For the first time ever, more Americans are covered by employment-based life insurance than by individual life insurance, according to the LIMRA study, “Employment-Based Life Insurance Ownership Trends (2017).”
Currently, 108 million Americans have life insurance coverage through their workplace, compared with 102 million covered by individual life insurance, LIMRA reports. Over the past 50 years, the number of households covered by employment-based life has increased by 68 percent, to 57 million, while the number of people covered has nearly doubled, from 55 million to 108 million.
The number of Americans covered by employment-based life insurance will continue to grow gradually, as life insurance remains one of most important workplace benefits, Anita Potter, the study’s co-author and LIMRA’s assistant vice president, workplace benefits, tells Benefits Pro. Indeed, 73 percent of the 4,167 households surveyed by LIMRA believe employers should be offering life insurance to employees.
“Convenience is one of the major reasons people like buying coverage in the workplace,” Potter says. “They have guaranteed issue with no underwriting, and it’s just something they’ve become accustomed to — especially if they started out in the workforce being able to get it at the workplace.”
However, growth in market penetration will be limited by population and labor force dynamics, she says.
“There are more baby boomers retiring, and so there will be fewer people in the labor force overall,” Potter says. “We’re also seeing an increase in contingent and 1099 workers, who historically have not been offered benefits.”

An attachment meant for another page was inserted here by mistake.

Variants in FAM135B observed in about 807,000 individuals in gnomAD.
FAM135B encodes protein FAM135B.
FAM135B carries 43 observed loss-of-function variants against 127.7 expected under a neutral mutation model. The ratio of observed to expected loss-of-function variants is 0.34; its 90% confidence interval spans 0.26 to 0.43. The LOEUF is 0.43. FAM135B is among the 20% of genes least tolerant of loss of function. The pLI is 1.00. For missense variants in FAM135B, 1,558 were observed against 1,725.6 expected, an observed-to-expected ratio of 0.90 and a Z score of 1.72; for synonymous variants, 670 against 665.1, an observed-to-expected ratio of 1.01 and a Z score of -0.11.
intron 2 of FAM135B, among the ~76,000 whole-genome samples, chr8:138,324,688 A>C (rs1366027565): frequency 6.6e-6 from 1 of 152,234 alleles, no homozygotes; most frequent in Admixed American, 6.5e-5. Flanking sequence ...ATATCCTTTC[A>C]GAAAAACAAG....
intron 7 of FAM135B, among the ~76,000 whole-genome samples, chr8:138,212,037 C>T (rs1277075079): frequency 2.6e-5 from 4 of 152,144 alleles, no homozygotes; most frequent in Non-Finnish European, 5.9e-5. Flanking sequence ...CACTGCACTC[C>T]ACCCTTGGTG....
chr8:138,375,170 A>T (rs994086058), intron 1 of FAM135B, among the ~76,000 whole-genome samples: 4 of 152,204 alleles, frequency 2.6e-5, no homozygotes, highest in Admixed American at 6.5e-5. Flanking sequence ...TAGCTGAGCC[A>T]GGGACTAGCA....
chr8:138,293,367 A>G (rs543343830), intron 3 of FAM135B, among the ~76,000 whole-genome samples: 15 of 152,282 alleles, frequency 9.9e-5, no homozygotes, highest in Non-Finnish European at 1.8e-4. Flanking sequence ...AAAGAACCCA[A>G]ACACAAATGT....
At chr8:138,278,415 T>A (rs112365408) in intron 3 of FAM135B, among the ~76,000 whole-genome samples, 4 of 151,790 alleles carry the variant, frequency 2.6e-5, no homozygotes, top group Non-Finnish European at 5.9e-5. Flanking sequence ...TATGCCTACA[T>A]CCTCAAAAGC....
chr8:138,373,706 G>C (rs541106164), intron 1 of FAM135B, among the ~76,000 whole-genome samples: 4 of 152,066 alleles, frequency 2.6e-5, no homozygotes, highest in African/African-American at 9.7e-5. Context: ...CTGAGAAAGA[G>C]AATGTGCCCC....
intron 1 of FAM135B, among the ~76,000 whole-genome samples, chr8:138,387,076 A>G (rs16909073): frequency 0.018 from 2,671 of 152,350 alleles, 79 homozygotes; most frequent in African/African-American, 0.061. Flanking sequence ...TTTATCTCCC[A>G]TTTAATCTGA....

The rate for employment-based life insurance peaked at 54 percent of American households back in 1984, according to the study. Since that time, household market penetration has gradually declined, and now equals 46 percent. At the “person-level” — adults and children — market penetration increased steadily through 2004, when it peaked at 37 percent. The person-level ownership rate dropped by 5 percent in 2010, but has since rebounded slightly to 34 percent.
While Americans overwhelmingly believe employers should be required to make life insurance coverage available, the percentage of employers offering coverage is gradually declining, according to the study. On top of that, once employees make a benefit selection, the majority rarely revisit their decision, while almost half (44 percent) never change their life coverage.
However, Potter is encouraged by the increased use of technology to aid employees in coverage matters, especially during the enrollment process.
“More brokers and employers are using electronic formats to enroll, and we see that as helping employees get life insurance coverage — especially for smaller employers,” she says.
Emerging decision-support tools should further help educate both employers and employees about the benefits being offered to them, Potter says.